Enough is enough

At the TUV’s party conference, party leader Jim Allister told delegates political events over the past 12 months have only vindicated and validated the party’s position.

Taking to the stage at the TUV party conference, party leader Jim Allister told party delegates that only his party can offer Northern Ireland the new vision and start it deserves. Reflecting on the crisis that engulfed Northern Ireland’s political institutions last autumn, Allister reminded delegates that it was the TUV who derided the pretence that the IRA had disbanded and were until recently the only ones who dared to say the IRA Army Council still existed.

Reflecting on Peter Robinson’s decision to retire, Allister claimed that it was “little wonder Sinn Fein MLAs gave Peter Robinson a standing ovation” in the Assembly Chamber as they have reason to be grateful to him. Turning his attention to the recently announced Fresh Start agreement, Allister lambasted it as a “a trade off in climb downs” noting how Sinn Féin climbed down on their pledge to resist welfare reform and how the DUP agreed to a deal without the re-establishment of the independent monitoring commission. “What a catastrophic failure Sinn Féin/DUP rule has been,” said Allister, “based not on a cogent plan for government but on a self-serving carve up.”

 

Greed and squander 

Looking at the major issues affecting Northern Ireland today, Allister reasoned that the Department of Enterprise Trade and Investment’s Minister Jonathan Bell was out of his depth if he really believed, as he claims, that manufacturing in Northern Ireland is not in a difficult position. Bell, according to Allister “watches Michelin announce its intention to close its Ballymena plant and awards a 30 bus contract to a Belgian firm.”

Northern Ireland’s energy situation was next in the firing line as Allister lamented the Executive’s “all-Ireland centric policy that has widened the gulf between Northern Irish prices and the rest of the UK.” He also criticised the fact that hospitals waiting lists are “again out of control and money is running out.”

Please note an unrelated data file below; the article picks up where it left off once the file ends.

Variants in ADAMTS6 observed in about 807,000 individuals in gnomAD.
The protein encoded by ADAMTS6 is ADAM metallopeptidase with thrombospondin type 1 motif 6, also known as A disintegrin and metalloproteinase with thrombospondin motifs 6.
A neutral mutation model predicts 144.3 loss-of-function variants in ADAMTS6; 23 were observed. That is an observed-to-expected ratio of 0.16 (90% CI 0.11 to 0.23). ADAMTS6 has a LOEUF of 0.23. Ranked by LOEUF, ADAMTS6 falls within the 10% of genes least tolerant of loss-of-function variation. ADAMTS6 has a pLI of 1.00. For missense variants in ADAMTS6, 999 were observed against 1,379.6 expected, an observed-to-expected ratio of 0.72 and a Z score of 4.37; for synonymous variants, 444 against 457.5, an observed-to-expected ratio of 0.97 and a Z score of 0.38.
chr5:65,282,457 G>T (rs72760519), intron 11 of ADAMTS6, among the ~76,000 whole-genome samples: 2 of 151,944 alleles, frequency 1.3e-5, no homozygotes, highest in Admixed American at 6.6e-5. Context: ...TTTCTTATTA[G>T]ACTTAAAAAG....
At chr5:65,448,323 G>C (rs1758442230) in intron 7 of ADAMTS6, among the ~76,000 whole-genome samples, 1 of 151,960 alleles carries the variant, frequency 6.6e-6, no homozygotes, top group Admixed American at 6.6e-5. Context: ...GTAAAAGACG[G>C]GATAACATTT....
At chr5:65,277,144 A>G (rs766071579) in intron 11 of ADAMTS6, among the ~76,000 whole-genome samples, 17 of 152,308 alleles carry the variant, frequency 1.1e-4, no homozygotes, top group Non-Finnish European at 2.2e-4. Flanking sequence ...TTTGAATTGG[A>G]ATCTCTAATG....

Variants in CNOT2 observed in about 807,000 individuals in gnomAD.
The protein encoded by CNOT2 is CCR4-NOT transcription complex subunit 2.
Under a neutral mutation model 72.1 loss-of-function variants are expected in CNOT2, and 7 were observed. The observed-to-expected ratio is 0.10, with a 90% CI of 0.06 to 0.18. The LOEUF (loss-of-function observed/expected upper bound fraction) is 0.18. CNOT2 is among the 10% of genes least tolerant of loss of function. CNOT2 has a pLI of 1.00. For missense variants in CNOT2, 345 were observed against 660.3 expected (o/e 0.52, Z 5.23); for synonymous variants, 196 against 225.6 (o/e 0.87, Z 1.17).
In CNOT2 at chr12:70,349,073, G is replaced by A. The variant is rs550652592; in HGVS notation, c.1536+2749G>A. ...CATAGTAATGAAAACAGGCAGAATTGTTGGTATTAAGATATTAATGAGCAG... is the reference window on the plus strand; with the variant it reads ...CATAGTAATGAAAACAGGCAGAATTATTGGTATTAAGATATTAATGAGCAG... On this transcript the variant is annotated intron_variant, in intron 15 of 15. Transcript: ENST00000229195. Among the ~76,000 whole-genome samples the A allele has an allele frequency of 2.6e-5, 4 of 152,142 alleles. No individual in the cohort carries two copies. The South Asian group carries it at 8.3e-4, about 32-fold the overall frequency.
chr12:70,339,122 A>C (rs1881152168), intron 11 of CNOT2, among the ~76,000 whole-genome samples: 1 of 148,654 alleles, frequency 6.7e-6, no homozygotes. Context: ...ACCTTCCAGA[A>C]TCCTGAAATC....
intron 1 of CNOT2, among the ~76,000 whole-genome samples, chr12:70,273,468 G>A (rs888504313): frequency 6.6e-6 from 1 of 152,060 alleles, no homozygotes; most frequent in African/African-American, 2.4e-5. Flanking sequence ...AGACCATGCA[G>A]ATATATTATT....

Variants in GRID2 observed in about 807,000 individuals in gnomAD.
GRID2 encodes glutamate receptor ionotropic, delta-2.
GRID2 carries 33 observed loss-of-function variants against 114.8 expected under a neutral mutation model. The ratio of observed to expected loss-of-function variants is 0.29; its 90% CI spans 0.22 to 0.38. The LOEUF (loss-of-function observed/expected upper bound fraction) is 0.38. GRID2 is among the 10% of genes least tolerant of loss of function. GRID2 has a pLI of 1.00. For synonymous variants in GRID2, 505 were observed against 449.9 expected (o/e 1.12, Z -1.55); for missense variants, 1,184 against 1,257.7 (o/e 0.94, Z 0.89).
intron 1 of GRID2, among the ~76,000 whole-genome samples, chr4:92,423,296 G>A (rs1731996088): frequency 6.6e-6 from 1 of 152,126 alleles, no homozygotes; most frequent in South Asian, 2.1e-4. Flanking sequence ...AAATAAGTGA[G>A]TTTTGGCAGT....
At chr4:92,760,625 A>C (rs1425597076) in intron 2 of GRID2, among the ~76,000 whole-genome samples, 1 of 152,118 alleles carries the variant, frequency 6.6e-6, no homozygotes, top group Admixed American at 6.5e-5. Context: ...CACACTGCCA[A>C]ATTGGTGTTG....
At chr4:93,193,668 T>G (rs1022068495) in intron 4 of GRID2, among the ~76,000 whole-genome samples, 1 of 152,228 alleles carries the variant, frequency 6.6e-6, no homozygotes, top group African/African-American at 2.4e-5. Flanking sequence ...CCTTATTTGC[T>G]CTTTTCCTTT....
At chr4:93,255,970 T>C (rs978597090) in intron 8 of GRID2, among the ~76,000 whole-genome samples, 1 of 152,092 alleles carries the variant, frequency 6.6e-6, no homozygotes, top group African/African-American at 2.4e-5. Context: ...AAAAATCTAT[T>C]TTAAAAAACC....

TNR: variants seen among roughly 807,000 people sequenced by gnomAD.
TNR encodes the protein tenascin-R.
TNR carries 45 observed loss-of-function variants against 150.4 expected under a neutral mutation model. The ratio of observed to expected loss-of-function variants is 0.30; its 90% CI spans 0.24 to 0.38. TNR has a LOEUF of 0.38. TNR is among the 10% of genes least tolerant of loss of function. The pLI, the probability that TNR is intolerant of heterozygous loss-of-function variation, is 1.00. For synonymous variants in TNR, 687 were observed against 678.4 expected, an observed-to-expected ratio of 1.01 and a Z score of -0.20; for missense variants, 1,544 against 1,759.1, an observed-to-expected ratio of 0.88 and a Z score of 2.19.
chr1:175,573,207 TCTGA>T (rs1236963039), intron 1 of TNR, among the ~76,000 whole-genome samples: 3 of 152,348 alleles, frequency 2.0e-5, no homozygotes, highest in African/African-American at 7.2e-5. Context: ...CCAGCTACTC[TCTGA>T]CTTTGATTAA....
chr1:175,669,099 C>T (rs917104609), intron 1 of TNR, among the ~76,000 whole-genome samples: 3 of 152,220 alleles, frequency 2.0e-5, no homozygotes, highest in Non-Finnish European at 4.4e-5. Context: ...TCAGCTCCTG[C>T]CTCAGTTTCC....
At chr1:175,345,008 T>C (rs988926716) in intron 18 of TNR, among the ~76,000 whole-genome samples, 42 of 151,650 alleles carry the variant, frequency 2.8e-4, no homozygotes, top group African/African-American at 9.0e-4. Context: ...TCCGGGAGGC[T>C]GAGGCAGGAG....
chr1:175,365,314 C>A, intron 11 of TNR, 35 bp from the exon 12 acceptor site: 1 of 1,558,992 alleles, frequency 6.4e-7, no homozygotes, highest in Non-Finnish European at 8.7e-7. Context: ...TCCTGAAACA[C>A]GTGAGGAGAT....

There was further criticism for the DUP’s decision to veto Allister’s Bill to reduce the number and salaries of special advisors. The DUP, Allister claimed “though boycotting debates on waiting lists, cancer and autism, rushed back into the chamber to join with Sinn Féin to block the Bill.” This, coupled with the fact that Emma Pengelly MLA kept her publicly funded golden handshake even though she walked into another publicly funded position just three weeks later, highlighted, in Allister’s eyes, the fact that greed and squander are alive and well in Stormont.

Vision

Turning his attention to the upcoming election, Allister was clear in his determination to increase the number of TUV MLAs sitting in Stormont and stressed his party’s desire to deliver a “positive vision of voluntary coalition and vibrant opposition as the path to durable devolution.” Speaking to Northern Ireland as a whole, Allister asked voters to ask themselves if they are truly happy with what they have, and if not, urged them to vote for the TUV in May.

“Last year, Henry Reilly, whom we’re delighted has come to strengthen our team, and I had 100,000 votes between us. Those 100,000 voters can guarantee Stormont will never have to be the same again,” said Allister. “By voting TUV next May,” said Allister, “You’ll be heard the loudest and best. That is the vote that declares enough is enough.”

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